I am geography
Ever since I was a child, I wanted to become an explorer, an ocean explorer. After many loops and turns, I finally became an oceanographer, something that could be considered as a ‘geographer of the seas.’ I realized that every interesting question I have tried to address has a spatial component: Why do fish species live where they live? How will climate change switch their distribution? Where do the fish that we eat come from? Where shall we protect the oceans to increase biodiversity and the economic well-being of coastal communities? As I have advanced in my career, I switched from studying fish to studying people and their interactions with the environment, but always with a spatial component.
For me, geography is a powerful tool to understand our environment, but also to address some of the most pressing challenges we face as a society. Where are the higher risks for coastal communities related to climate change, fisheries overexploitation, pollution? How can we understand the context of each community to enable solutions that will work at a relevant scale? How are communities connected to each other and how could we build networks to protect our marine environment without compromising social well-being?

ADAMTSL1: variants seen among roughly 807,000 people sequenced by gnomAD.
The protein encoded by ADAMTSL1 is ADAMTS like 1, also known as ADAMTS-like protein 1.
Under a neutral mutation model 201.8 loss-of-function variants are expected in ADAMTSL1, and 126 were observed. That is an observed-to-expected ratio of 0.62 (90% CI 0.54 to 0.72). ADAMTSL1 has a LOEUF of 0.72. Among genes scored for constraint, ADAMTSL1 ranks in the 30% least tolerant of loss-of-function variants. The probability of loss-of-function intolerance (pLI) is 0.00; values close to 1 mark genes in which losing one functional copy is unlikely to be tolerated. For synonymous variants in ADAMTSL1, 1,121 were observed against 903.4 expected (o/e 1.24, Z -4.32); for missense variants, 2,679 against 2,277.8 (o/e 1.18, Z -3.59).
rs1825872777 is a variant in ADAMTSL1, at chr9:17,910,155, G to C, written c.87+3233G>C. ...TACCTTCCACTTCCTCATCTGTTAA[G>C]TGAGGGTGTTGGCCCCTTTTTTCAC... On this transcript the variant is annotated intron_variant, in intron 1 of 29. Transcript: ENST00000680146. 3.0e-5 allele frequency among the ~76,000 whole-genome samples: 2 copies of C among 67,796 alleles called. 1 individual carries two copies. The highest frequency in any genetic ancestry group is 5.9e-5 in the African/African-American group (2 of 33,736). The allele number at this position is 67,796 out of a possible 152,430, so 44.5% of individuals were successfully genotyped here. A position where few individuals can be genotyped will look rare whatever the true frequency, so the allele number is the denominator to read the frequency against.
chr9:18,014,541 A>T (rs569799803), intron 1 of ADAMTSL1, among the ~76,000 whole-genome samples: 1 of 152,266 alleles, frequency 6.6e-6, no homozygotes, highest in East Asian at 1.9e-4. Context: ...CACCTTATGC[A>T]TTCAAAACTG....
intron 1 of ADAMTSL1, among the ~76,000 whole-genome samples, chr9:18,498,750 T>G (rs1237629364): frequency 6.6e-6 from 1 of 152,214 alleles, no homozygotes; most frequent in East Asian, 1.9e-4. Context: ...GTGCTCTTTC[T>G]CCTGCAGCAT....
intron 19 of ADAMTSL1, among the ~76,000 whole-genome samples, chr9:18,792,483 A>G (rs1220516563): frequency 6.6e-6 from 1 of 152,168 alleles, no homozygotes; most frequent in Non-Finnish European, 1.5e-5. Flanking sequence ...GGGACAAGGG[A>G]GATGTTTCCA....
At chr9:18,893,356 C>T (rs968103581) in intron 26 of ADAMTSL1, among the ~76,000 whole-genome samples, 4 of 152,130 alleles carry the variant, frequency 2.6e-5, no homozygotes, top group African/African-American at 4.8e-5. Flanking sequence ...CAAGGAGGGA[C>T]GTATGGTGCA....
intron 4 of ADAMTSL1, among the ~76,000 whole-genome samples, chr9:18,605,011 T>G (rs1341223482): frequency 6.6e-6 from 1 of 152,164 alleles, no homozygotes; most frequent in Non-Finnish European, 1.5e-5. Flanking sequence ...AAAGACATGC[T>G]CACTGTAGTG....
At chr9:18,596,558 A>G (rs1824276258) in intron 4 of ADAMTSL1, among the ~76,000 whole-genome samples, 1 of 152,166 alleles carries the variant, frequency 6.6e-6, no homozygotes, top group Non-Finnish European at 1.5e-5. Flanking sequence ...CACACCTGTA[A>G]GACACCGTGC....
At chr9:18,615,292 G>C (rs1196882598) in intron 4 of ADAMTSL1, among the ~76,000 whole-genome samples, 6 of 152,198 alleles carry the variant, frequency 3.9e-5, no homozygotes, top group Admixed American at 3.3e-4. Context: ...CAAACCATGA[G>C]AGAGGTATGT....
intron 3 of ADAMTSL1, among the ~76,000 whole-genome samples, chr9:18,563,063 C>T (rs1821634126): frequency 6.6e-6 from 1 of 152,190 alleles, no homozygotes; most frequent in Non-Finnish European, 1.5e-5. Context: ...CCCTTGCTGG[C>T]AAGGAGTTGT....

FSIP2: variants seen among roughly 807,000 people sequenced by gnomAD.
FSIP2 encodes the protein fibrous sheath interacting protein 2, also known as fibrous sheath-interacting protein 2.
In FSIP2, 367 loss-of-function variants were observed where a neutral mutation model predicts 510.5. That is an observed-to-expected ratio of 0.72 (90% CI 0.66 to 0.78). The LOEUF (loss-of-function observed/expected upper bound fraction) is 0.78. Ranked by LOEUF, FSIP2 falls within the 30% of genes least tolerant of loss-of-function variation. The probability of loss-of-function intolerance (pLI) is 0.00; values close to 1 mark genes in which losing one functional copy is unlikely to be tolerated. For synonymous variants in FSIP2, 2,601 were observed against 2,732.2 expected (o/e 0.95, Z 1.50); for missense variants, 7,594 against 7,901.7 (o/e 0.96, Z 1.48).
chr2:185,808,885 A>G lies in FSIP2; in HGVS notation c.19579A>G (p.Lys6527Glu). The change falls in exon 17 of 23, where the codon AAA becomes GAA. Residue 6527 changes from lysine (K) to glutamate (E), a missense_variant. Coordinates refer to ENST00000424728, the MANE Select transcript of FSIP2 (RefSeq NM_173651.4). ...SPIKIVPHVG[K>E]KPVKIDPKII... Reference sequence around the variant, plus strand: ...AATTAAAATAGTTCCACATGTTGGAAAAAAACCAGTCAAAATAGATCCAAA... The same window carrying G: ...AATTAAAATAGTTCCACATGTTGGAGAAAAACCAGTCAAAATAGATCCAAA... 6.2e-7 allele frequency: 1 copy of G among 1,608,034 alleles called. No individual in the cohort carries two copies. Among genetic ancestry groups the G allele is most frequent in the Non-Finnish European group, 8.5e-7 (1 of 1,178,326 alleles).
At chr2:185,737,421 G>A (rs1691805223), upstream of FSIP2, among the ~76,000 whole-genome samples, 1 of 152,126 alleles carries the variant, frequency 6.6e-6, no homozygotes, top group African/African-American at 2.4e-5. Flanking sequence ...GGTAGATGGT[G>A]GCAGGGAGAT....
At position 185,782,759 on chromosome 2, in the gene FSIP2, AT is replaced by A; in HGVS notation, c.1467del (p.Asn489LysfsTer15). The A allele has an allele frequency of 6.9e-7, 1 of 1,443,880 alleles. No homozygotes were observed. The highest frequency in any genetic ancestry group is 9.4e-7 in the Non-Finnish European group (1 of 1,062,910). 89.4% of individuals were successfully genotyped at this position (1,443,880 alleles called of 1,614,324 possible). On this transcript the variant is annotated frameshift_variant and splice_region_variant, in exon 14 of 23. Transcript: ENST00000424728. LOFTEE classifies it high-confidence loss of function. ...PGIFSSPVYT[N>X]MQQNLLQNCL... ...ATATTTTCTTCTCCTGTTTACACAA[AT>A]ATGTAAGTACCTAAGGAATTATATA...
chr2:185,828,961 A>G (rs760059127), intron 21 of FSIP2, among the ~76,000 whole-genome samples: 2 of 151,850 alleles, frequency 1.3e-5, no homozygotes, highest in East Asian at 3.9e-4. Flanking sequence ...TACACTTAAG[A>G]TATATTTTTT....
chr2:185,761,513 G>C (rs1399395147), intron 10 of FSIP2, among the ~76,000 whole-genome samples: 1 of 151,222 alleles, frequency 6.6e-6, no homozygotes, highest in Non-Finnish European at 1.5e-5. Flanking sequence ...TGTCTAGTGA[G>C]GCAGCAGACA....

Last year, I was honored to be selected as an EthicalGEO Fellow by the American Geographical Society. My project is to create the first global map of the prevalence of poverty in coastal communities. Stay tuned for updates!